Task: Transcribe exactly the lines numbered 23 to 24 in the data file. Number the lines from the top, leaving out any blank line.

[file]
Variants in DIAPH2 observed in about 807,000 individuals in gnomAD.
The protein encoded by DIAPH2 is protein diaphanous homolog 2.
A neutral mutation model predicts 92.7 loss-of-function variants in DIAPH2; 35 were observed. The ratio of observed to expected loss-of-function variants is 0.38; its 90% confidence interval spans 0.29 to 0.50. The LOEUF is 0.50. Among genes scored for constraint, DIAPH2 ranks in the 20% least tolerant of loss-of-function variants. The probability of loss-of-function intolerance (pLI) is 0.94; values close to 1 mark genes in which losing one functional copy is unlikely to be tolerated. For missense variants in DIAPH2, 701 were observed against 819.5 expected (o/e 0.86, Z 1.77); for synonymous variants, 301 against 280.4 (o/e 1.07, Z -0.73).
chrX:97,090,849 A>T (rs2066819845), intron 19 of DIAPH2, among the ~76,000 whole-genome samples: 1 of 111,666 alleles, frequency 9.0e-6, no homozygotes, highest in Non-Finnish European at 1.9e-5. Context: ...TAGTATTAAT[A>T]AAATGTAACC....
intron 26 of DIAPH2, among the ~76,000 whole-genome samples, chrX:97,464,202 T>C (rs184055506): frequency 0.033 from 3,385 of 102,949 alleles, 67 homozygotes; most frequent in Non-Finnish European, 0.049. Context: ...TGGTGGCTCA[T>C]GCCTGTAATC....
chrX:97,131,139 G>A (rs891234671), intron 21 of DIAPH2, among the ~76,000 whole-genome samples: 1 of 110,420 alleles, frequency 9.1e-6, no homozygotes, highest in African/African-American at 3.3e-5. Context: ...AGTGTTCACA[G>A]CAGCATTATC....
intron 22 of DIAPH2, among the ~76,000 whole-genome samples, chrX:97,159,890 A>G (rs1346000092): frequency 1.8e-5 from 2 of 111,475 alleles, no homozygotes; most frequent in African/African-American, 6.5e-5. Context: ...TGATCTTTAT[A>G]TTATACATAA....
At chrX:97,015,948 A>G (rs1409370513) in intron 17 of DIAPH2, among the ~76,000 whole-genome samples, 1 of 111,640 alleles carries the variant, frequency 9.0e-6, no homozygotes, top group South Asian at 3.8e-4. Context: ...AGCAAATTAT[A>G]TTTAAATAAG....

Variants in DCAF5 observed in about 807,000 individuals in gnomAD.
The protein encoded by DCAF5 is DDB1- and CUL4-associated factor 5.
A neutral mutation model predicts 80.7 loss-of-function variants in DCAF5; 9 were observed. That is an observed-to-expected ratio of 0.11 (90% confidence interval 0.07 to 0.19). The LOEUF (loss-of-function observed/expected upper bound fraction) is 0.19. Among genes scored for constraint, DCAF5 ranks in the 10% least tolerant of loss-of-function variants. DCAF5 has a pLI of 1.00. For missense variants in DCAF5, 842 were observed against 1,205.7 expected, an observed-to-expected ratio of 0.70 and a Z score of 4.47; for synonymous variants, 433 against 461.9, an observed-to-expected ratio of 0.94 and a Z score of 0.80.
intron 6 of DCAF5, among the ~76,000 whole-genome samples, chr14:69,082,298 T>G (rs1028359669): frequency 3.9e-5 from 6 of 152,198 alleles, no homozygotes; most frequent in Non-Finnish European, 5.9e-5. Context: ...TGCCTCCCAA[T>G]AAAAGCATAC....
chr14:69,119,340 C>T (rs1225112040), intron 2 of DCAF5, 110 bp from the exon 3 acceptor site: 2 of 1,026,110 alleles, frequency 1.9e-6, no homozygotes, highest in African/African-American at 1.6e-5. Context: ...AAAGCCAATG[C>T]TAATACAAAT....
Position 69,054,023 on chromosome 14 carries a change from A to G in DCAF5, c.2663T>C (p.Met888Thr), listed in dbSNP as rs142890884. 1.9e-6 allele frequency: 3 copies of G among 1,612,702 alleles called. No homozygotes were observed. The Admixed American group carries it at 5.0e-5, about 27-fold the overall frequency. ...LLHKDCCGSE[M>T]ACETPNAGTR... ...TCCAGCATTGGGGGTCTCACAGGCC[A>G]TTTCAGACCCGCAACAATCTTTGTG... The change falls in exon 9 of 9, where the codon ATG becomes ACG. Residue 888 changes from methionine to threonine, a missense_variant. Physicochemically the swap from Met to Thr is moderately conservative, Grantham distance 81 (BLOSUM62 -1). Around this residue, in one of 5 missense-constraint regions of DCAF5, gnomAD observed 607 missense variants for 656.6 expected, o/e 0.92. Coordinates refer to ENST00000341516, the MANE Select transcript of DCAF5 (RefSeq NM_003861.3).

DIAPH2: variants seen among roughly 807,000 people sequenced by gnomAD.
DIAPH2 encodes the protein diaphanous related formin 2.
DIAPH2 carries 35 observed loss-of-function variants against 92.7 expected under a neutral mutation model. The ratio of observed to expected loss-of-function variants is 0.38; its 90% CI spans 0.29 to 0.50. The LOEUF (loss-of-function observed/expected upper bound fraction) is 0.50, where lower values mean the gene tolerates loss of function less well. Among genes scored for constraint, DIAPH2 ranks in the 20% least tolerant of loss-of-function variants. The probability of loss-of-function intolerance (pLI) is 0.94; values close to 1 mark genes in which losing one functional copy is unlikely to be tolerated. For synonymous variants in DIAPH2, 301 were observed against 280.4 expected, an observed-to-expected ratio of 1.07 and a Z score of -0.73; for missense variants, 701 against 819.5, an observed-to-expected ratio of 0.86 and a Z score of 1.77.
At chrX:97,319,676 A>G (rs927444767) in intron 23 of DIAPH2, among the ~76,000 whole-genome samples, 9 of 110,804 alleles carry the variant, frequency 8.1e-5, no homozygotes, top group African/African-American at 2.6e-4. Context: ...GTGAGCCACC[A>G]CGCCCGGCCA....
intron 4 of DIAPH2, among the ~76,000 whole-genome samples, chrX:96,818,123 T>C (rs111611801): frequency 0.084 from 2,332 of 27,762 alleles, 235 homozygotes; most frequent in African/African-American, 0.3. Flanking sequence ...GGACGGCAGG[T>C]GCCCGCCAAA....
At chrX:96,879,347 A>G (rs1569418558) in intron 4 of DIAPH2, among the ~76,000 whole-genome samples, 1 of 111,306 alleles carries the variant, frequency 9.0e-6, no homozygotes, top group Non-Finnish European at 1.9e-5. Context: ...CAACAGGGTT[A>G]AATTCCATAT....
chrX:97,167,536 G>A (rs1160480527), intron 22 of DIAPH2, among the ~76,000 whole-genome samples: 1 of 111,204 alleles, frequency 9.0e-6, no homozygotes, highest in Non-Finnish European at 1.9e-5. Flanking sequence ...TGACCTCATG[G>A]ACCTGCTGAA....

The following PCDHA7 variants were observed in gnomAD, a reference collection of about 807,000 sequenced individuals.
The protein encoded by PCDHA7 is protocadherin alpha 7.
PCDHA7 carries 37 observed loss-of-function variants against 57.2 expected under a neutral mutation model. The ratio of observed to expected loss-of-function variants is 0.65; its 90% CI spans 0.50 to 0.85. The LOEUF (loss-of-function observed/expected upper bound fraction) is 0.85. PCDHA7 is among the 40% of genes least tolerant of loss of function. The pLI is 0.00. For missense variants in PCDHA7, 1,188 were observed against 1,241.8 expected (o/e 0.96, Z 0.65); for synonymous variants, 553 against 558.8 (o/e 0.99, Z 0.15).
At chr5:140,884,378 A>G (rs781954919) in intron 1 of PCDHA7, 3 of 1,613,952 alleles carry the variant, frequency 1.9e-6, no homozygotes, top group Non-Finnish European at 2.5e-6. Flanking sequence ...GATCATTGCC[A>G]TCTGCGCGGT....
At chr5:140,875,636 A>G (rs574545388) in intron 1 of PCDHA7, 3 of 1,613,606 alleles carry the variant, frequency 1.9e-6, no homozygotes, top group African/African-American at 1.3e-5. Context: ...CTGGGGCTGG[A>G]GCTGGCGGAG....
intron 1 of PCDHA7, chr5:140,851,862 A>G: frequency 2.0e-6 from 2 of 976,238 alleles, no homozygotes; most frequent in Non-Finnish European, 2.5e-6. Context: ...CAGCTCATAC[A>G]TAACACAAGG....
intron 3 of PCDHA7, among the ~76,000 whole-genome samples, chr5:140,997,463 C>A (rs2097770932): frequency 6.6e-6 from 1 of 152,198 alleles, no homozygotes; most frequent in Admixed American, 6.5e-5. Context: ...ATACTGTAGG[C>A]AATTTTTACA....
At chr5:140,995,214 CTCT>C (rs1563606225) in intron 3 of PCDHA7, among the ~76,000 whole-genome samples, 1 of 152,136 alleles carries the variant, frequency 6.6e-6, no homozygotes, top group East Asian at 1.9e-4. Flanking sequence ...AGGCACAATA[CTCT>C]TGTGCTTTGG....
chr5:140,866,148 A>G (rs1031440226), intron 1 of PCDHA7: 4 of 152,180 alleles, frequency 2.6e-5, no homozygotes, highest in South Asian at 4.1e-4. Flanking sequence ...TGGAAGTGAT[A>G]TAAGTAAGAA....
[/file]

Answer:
The protein encoded by PCDHA7 is protocadherin alpha 7.
PCDHA7 carries 37 observed loss-of-function variants against 57.2 expected under a neutral mutation model. The ratio of observed to expected loss-of-function variants is 0.65; its 90% CI spans 0.50 to 0.85. The LOEUF (loss-of-function observed/expected upper bound fraction) is 0.85. PCDHA7 is among the 40% of genes least tolerant of loss of function. The pLI is 0.00. For missense variants in PCDHA7, 1,188 were observed against 1,241.8 expected (o/e 0.96, Z 0.65); for synonymous variants, 553 against 558.8 (o/e 0.99, Z 0.15).